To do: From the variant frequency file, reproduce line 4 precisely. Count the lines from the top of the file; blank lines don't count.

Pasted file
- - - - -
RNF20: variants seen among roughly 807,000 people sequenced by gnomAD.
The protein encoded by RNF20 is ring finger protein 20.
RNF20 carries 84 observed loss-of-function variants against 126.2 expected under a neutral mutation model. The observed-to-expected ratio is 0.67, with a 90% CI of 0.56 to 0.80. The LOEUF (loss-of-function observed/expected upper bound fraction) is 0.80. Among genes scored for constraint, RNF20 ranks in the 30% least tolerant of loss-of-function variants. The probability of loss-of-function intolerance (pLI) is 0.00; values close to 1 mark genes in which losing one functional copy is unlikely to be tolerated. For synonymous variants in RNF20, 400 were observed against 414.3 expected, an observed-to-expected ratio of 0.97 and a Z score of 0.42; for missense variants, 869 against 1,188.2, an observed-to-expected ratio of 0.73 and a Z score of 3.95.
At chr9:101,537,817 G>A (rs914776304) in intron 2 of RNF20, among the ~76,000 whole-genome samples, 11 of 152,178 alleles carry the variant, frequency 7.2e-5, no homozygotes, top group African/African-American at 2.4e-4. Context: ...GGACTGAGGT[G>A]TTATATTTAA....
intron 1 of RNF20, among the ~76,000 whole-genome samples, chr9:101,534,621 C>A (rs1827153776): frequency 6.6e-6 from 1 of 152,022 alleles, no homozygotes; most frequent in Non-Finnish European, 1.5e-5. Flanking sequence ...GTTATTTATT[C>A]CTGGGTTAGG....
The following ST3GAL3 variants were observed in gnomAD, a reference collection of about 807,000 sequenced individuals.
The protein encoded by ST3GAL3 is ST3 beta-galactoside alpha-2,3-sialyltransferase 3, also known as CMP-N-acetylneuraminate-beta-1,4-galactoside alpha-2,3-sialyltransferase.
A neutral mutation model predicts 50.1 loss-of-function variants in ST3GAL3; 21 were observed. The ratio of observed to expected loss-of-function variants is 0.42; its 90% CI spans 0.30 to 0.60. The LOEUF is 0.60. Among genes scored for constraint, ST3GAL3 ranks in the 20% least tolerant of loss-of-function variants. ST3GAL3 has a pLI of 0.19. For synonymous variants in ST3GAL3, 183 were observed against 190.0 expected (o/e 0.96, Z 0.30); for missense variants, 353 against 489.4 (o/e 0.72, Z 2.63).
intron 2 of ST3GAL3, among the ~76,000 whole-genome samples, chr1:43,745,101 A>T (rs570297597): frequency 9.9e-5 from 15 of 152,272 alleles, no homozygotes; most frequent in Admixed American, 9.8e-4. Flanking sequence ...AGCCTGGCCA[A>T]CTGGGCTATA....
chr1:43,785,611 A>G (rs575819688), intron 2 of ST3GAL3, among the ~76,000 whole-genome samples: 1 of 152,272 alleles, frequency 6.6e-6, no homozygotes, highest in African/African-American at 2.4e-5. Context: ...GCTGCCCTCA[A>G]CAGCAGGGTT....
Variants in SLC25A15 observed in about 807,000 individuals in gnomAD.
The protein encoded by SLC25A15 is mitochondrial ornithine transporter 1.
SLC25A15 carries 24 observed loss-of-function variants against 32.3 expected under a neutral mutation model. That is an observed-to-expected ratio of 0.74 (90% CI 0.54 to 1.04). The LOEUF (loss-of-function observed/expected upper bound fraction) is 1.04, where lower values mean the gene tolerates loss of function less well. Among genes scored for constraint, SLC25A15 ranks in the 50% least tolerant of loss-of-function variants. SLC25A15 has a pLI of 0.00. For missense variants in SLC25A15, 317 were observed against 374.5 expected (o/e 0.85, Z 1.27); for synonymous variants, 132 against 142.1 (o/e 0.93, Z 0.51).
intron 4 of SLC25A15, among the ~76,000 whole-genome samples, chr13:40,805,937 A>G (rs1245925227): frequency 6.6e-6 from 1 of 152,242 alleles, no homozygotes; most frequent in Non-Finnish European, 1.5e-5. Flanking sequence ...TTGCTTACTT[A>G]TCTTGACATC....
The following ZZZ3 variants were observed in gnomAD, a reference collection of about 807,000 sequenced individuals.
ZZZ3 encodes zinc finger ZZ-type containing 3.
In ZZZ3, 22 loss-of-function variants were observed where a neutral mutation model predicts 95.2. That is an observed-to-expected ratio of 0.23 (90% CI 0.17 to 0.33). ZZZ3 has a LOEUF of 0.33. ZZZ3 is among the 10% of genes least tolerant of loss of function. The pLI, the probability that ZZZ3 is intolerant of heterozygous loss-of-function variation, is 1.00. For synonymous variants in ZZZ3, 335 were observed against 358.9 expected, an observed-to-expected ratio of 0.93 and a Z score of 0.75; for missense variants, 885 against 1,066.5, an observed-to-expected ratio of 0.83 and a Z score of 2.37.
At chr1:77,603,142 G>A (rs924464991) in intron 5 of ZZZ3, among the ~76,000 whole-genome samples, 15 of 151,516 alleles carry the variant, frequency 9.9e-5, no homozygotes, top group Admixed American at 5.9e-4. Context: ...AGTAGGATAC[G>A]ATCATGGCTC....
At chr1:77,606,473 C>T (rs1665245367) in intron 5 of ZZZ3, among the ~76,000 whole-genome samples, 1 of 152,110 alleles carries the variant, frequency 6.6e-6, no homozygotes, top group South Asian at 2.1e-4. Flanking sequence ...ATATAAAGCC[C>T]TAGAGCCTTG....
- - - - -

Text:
At chr9:101,537,817 G>A (rs914776304) in intron 2 of RNF20, among the ~76,000 whole-genome samples, 11 of 152,178 alleles carry the variant, frequency 7.2e-5, no homozygotes, top group African/African-American at 2.4e-4. Context: ...GGACTGAGGT[G>A]TTATATTTAA....